Amid all the glowing reviews and positive feedback in CFL Commissioner Mark Cohon's annual state of the league address was one dark cloud.
And that cloud is positioned squarely over Southern Ontario.
Cohon acknowledged there is work to be done with the Hamilton Tiger-Cats and Toronto Argonauts in order for them to strive the way the league's six other teams are.
"We still face a challenge and that challenge for our Mark Cohonleague clearly is in Southern Ontario," Cohon said. "I'm confident that the Tiger-Cats, under the leadership of Bob Young, with their new stadium in 2014, and with their strong plan to regionalize their fan base and grow outside of Hamilton into Burlington, Ancaster, St. Catherines and London and Guelph — I'm confident their future is bright.
"On the other hand, I think the Argos are just beginning their journey under David Braley. He is a proven leader, he is a proven owner with a great track record."
Braley bought the struggling Argonauts in 2010 and also owns the B.C. Lions. Now in charge of 25 percent of the league's teams, Braley is charged with "bringing the pride back" to Toronto.
"It starts with ownership," Cohon said. "And Braley is now prepared to make the changes to really start turning around that franchise. He's done it [in Vancouver], he knows what it takes in terms of the right personnel, the right marketing campaigns. It's our job within the CFL to give him that support."
In an effort to start that push, Cohon announced the league was committing $1-million, to be shared equally between the Ticats and Argos, to marketing campaigns and grassroots initiatives in Southern Ontario.
"We're working with both franchises; the commitment is from the entire board of governors. It's coming out of the league budget. The franchises have presented business plans to us and we're supporting those business plans."
But rest assured, there is no quick fix. The two Ontario teams are constantly fighting for eyeballs, coverage and television time with a number of other pro sports franchises. The thinking in Hamilton goes that a new stadium being built at the current Ivor Wynne Stadium, along with an improving on-field product, will help invigorate the team.
The solution isn't so clear in Toronto. Cohon pointed out that Toronto is a hockey town first, and a diverse city in which they must try to attract new Canadians. On the field, after a breakthrough year in 2010, the Argos dropped back to 6-12 in 2011 and missed the playoffs. They play their home games at the cavernous Rogers Centre and average little more than 20,000 fans a game. But don't count on Toronto joining the CFL's stadium-building boon any time soon.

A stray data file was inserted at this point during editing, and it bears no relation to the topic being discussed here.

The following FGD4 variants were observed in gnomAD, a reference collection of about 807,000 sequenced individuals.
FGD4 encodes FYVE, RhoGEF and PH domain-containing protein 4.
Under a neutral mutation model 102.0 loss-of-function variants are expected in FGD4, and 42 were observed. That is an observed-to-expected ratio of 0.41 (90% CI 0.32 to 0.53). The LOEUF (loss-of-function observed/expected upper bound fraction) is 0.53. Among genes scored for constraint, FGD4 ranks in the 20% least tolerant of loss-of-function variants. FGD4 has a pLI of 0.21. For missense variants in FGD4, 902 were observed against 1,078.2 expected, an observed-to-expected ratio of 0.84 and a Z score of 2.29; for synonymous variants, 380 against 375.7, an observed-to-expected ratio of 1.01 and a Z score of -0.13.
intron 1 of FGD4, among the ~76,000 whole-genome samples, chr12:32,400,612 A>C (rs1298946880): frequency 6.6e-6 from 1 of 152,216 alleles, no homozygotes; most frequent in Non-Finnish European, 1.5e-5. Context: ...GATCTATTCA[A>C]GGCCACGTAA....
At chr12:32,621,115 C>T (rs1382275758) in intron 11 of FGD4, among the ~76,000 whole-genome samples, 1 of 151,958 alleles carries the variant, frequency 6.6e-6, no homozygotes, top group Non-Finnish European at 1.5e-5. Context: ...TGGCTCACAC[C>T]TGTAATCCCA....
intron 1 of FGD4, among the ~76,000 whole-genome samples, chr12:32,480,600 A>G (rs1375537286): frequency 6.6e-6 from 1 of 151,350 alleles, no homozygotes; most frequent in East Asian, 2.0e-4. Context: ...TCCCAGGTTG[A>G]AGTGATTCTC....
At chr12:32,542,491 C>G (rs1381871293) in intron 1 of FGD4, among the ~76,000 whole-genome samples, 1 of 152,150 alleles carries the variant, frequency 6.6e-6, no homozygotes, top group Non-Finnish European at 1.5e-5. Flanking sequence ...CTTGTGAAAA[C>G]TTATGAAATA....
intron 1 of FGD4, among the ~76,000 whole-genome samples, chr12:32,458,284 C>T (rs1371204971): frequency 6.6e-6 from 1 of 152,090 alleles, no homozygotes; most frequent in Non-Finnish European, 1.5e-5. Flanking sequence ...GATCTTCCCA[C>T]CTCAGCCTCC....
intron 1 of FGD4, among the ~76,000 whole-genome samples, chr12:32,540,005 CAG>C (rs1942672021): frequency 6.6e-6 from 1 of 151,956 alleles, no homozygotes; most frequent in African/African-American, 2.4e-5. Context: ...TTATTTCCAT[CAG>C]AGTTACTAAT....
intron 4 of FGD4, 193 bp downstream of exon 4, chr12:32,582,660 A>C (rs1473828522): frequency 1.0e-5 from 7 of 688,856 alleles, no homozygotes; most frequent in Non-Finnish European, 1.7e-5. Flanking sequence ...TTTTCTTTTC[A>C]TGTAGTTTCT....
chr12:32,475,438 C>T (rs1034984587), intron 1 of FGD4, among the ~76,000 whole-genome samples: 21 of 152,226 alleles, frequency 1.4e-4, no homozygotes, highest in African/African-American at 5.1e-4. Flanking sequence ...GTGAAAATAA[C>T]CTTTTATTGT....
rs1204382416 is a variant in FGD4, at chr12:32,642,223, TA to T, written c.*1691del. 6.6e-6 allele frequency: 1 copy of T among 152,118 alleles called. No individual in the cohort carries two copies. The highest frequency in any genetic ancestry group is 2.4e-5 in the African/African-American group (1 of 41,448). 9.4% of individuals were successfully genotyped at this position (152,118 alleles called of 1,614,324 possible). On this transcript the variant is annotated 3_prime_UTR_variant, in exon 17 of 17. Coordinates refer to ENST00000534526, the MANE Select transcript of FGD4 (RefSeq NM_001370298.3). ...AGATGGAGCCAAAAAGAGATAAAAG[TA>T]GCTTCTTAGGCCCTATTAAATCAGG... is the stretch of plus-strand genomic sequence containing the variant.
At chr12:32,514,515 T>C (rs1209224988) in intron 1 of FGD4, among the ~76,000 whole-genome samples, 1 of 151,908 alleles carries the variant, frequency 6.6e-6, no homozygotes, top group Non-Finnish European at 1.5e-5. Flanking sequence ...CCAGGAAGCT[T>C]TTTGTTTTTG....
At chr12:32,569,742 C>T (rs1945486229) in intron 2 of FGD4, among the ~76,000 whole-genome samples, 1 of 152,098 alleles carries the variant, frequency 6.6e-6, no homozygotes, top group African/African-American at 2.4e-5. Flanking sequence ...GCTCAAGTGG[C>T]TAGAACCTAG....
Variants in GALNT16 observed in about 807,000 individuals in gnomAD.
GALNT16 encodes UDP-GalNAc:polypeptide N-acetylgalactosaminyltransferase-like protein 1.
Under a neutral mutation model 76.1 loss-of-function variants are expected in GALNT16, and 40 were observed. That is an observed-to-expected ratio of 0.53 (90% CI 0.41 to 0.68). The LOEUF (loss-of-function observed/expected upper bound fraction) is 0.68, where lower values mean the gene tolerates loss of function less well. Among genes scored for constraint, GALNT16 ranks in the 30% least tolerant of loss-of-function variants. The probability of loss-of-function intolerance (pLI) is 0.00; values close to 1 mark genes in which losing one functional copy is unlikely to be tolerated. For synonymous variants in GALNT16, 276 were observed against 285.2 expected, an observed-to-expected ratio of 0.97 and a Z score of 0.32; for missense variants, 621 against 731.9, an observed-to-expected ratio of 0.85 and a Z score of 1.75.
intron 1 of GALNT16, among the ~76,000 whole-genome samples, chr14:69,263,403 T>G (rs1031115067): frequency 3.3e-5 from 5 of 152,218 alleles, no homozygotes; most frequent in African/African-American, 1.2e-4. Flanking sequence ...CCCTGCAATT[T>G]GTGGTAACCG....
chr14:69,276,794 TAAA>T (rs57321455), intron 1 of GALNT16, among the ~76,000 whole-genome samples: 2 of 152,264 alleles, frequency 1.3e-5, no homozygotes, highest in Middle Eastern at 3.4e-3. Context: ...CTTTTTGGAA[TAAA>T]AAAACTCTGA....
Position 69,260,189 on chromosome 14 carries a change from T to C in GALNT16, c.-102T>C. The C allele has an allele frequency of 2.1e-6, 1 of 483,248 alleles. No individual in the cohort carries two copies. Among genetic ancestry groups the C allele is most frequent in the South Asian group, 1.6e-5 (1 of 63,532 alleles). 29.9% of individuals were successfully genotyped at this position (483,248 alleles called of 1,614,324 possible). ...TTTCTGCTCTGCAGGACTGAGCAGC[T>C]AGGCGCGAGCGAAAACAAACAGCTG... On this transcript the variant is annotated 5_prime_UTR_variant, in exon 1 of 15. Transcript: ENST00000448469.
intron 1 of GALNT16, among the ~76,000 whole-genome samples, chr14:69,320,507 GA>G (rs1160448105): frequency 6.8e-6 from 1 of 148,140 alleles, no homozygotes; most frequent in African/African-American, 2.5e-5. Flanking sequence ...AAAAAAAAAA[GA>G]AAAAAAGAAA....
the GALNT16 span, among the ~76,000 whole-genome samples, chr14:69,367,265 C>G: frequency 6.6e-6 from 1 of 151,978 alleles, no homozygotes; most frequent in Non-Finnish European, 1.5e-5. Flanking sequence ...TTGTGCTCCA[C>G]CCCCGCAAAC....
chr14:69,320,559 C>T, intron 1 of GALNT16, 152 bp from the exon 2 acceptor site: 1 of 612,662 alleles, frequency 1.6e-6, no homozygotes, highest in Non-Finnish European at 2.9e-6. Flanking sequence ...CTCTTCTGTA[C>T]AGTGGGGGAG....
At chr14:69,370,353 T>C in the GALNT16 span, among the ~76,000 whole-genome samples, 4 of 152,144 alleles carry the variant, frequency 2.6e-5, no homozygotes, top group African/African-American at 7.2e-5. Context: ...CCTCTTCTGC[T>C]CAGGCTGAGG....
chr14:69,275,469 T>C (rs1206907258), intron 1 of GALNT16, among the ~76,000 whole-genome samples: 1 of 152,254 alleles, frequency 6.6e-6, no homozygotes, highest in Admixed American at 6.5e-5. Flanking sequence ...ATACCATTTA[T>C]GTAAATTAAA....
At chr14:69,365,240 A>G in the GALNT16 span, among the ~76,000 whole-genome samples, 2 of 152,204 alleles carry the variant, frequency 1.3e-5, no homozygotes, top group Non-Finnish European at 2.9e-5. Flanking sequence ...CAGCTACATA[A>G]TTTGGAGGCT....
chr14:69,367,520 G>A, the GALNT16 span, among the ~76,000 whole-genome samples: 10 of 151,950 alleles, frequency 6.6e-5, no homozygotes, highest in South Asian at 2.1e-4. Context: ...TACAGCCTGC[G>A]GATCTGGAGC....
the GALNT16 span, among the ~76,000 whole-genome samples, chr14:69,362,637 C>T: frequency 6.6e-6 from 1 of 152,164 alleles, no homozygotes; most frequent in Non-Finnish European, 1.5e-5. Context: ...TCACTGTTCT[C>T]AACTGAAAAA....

"David Braley is clearly committed to the Rogers Centre," Cohon said. "He wants to make it work, he's had the experience here in B.C. of turning around a franchise where there were 8,000 people going to games and now there are over 30,000. He wants to figure out a way to make the Rogers Centre work and he's started conversations with the most senior management at Rogers to do that."
Cohon and the Argonauts organization is encouraged, however, by the demographics at home games.
"One thing that is interesting about the Argos — when you walk through their stadium, there are a lot of young people there. That bodes well for our future, and we need to figure out how to continue to connect with those young people."
Next year's Grey Cup, the 100th edition, will be held in Toronto and will hopefully raise the league's profile in Canada's biggest city and business capital. But that's just the beginning. The team and the league are working on a long-term plan.
"There's no magic wand we can wave," Cohon said. "It's going to be hard work. It's going to be having better presence in the market to help the Argos and help the CFL but I think we're going to do it."